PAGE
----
index 1f08bfa..eb95352 100644
--- a/flake.nix
+++ b/flake.nix
@@ -8,6 +8,9 @@
     flake-parts.inputs.nixpkgs.follows = "nixpkgs-lib";
   };
 
+  # Allow __noChroot derivations
+  nixConfig.sandbox = "relaxed";
+
   outputs = { self, flake-parts, ... }:
     flake-parts.lib.mkFlake { inherit self; } {
       systems = [ "x86_64-linux" ];

And the first time developers will nix build the project, they will be prompted if they trust that setting or not:

do you want to allow configuration setting 'sandbox' to be set to 'relaxed' (y/N)? y
do you want to permanently mark this value as trusted (y/N)? y

Explaining __noChroot = true

Understanding the trade-off

When using this solution, we trade some amount of reproducibility for convenience. This is important to understand; we lose the ability to guarantee that the output will be the same. We rely on the language package manager to fetch the content, and always lay it out the same way on the filesystem. Nix itself doesn’t guarantee that anymore.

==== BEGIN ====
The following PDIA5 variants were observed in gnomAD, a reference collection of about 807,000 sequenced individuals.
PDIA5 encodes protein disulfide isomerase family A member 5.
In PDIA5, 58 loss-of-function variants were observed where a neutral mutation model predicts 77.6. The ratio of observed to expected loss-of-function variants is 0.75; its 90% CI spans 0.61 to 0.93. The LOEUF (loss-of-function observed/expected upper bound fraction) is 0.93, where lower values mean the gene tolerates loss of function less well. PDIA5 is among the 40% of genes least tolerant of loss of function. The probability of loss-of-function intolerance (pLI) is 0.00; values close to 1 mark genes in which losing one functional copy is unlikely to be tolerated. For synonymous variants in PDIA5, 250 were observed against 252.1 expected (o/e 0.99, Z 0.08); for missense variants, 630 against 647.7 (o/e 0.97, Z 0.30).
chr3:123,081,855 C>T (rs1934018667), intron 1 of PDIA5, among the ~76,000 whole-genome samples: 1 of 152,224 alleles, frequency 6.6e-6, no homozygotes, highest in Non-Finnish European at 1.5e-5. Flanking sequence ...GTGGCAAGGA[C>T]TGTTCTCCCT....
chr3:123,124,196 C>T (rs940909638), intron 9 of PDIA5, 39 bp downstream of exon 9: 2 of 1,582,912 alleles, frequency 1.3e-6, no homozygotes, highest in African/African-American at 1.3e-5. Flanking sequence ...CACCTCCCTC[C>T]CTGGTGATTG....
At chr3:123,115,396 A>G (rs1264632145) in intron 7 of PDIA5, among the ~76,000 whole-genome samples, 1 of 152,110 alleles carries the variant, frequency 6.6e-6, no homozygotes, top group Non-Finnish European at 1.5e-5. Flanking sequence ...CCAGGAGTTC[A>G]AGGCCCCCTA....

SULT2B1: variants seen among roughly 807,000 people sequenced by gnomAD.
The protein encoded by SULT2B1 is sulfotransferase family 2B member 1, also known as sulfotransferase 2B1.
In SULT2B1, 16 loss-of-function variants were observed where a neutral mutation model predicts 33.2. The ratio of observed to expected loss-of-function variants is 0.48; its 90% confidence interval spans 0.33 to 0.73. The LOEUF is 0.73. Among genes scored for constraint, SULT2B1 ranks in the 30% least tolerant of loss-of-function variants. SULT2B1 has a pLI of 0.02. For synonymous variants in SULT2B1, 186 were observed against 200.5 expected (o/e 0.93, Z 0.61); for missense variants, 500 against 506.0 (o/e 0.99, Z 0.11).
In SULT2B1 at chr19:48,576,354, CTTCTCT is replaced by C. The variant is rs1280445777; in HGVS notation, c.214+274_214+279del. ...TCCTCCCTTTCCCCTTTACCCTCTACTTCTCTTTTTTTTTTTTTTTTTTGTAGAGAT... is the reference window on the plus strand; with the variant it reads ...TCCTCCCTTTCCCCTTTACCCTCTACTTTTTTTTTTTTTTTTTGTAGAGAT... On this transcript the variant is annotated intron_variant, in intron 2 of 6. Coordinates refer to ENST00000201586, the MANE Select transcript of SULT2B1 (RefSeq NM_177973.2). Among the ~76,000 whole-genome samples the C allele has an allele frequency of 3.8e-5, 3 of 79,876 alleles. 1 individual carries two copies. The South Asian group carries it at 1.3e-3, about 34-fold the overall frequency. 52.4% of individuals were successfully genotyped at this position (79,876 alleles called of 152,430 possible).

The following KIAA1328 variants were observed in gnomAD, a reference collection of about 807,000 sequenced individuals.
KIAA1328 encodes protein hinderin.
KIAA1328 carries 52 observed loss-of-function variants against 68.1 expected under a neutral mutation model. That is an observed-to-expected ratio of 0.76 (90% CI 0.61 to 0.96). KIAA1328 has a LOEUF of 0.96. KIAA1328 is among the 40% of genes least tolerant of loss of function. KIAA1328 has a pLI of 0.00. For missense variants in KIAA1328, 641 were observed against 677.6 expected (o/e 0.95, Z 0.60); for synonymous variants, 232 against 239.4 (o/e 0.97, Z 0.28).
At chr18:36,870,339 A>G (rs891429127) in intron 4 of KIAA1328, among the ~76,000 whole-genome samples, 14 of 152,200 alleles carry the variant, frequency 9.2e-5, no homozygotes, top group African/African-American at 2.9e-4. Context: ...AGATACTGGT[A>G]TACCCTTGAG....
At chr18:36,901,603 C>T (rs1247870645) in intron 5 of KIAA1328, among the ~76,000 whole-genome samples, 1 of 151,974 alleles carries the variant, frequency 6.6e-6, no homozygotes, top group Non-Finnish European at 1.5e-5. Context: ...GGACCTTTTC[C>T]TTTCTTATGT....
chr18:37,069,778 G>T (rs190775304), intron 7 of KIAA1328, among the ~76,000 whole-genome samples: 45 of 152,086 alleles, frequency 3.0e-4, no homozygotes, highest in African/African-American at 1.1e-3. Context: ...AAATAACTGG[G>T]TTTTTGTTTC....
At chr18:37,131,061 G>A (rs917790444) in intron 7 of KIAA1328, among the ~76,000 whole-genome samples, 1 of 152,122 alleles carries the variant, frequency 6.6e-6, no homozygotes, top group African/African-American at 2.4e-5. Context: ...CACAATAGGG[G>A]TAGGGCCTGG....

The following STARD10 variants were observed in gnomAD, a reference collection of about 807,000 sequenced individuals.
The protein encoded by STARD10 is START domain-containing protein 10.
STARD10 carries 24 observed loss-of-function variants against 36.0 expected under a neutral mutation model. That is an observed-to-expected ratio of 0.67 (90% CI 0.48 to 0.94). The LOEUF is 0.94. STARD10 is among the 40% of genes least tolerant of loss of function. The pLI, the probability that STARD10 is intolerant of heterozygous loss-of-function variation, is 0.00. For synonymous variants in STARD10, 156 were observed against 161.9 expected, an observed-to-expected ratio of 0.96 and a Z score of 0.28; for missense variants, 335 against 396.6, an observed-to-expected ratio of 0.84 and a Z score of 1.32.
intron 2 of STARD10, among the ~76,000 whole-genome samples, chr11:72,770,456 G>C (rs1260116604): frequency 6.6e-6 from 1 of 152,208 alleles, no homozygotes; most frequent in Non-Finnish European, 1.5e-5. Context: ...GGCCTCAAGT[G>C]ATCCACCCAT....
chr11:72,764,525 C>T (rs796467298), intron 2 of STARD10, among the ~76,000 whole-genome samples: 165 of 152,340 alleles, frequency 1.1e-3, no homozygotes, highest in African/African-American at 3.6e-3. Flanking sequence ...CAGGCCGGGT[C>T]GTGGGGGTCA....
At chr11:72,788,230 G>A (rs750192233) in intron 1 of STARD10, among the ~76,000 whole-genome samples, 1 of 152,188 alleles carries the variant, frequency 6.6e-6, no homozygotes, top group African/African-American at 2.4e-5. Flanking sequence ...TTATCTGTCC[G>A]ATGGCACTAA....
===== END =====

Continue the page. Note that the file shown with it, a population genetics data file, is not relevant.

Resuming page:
Also compared to some solutions, the dependencies are chunked as one unit of compilation. If one dependency changes, it will have to re-download the whole set. This means that there will be more disk and binary cache usage. It hasn’t been a practical issue so far for us, but it’s one to be aware of. Getting more granular rebuilds can improve the overall caching.

On the other side, I used to work on a project that required users to set sandbox = false in their nix.conf, which disabled the sandboxing for all derivation. This is the extra heretic way 🙂 With sandbox = relaxed, at least it can be done selectively.

When this is applicable

As I said in the intro, never use this in nixpkgs. nixpkgs is a canonical set of packages where we want to apply the highest level of reproducibility possible.

But if you use Nix as a build system for a project, in a similar manner than Bazel, then this is where this trade-off can start to make sense. Typically you want to be able to trust all the actors that submit PRs to the project as well, so it’s best to use that on a private repo only.

That’s all, hope this was interesting!